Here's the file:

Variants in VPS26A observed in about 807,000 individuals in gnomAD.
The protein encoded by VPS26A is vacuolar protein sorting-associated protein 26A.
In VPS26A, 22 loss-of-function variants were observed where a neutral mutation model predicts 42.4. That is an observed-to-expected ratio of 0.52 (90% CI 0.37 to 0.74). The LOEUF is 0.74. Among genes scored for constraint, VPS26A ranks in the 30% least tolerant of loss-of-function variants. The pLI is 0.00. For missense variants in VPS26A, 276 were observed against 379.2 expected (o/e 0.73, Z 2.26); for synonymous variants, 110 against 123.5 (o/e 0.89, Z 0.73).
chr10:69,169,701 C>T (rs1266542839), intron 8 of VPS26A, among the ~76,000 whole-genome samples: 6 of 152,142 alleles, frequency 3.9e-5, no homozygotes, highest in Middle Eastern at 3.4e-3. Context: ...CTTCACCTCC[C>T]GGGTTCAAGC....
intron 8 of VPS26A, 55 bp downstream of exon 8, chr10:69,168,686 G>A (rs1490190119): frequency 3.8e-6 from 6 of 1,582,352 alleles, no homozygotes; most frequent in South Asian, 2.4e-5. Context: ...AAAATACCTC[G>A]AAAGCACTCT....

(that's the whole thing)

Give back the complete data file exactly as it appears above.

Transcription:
Variants in VPS26A observed in about 807,000 individuals in gnomAD.
The protein encoded by VPS26A is vacuolar protein sorting-associated protein 26A.
In VPS26A, 22 loss-of-function variants were observed where a neutral mutation model predicts 42.4. That is an observed-to-expected ratio of 0.52 (90% CI 0.37 to 0.74). The LOEUF is 0.74. Among genes scored for constraint, VPS26A ranks in the 30% least tolerant of loss-of-function variants. The pLI is 0.00. For missense variants in VPS26A, 276 were observed against 379.2 expected (o/e 0.73, Z 2.26); for synonymous variants, 110 against 123.5 (o/e 0.89, Z 0.73).
chr10:69,169,701 C>T (rs1266542839), intron 8 of VPS26A, among the ~76,000 whole-genome samples: 6 of 152,142 alleles, frequency 3.9e-5, no homozygotes, highest in Middle Eastern at 3.4e-3. Context: ...CTTCACCTCC[C>T]GGGTTCAAGC....
intron 8 of VPS26A, 55 bp downstream of exon 8, chr10:69,168,686 G>A (rs1490190119): frequency 3.8e-6 from 6 of 1,582,352 alleles, no homozygotes; most frequent in South Asian, 2.4e-5. Context: ...AAAATACCTC[G>A]AAAGCACTCT....